As CEO, Deputy has an eye on the future of the business, and that future is changing rapidly as health care reform proceeds and the models and capabilities for providing medical care evolves. Thinking both as a nurse and as a business owner, Deputy sees the opportunity for Delaware Sleep Disorder Centers to evolve its model from being primarily a sleep-testing lab to more of a clinical setting. In that model, there would be more focus on education about treatments as well as ongoing follow-up to see how those treatments are working.
“We’re trying to evolve the role of the advanced practice nurse to be able to assist the physicians more with education and follow up, because treatment for sleep disorders is very problematic,” Deputy says. “We’ve been sleeping the same way since birth, for the most part, so it’s definitely a challenge to convince the body to sleep with the device or to sleep at a different time of day.”
WESLEY CONNECTION REMAINS
In addition to running Delaware Sleep Disorder Centers, Deputy has been an adjunct clinical faculty member at Wesley since 2005, working in the clinical skills lab to help students practice and refine their skills. At first he thought of the job as a one-year commitment just to help out the department, but he soon realized that teaching was a calling for him.
“It’s my way of being able to pass the baton on to the next generation,” Deputy says. Just as Contino did for him, Deputy encourages students if they begin to doubt their ability or when they are having difficulty balancing work or family with schooling.
In the clinical lab, Deputy met Brandon Hoskins ’11, who has worked as an emergency trauma RN at Christiana Care since graduating from Wesley.
“Lyron was not only a really good instructor, but he has also become a great mentor to me,” Hoskins says. “Nursing is a rigorous program to study at Wesley, and he made sure that I knew all my skills and became sure of myself. Since then he’s become my friend, but above all I am thankful to have him as a mentor.”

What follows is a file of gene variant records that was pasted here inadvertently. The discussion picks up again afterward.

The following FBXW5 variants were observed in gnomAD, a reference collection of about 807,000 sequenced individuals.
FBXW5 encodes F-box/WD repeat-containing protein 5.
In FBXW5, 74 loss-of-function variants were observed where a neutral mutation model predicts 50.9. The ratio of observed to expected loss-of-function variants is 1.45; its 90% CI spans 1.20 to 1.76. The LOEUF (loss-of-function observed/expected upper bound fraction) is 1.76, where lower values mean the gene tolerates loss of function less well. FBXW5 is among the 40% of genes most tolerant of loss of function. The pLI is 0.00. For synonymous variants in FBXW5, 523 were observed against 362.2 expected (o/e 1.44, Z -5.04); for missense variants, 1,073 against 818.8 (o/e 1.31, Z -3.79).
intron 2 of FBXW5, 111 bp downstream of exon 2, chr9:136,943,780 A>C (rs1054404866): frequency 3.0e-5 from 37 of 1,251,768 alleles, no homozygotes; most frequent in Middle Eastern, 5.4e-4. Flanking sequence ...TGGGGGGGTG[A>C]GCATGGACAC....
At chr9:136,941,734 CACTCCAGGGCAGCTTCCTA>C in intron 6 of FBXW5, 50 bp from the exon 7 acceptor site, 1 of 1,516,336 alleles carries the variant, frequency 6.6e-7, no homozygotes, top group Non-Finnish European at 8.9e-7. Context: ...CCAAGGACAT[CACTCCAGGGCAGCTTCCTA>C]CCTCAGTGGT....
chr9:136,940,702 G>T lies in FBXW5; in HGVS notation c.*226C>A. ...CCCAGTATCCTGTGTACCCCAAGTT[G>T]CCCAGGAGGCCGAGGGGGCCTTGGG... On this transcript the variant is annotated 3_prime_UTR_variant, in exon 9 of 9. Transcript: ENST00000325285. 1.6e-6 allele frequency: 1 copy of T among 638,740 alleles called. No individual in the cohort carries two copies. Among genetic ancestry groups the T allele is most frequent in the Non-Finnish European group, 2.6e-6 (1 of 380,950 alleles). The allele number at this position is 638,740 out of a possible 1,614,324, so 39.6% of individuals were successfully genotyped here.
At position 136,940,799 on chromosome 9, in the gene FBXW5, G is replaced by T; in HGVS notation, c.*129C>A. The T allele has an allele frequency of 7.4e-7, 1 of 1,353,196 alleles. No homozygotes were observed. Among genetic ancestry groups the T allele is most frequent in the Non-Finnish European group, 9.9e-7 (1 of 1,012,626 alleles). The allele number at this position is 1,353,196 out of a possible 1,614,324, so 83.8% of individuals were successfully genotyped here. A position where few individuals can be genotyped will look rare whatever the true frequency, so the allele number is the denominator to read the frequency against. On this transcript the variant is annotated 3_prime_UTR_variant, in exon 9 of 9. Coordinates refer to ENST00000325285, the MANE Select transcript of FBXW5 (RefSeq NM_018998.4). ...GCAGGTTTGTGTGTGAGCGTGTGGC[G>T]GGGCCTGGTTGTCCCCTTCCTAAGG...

Deputy says that one of the most important lessons he tries to teach students is always care for their patients as they would a family member.
As an alumnus and current faculty member, Deputy is excited about the projected opening in 2014 of Wesley’s new Health Sciences Building. He predicts that the new building and the expanded opportunities that come along with it will attract additional well-qualified students to Wesley.
The new building will increase the nursing department’s space to 30,000 square feet instead of 5,000 and to four classrooms instead of one, notes Contino, who now serves as chair of the nursing department. It will also allow for an expansion of the department’s teaching technology, which is vital in the field today.
Contino has watched Deputy evolve from an undergraduate nursing student to a well-respected figure in Delaware’s medical establishment.
“He’s a leader in this state, not only as a CEO but also as an advocate for nursing,” says Contino, who serves with Deputy on the Delaware Board of Nursing. “When I think of Lyron, I think of the word success not only as a nurse, but as a leader and as a person.”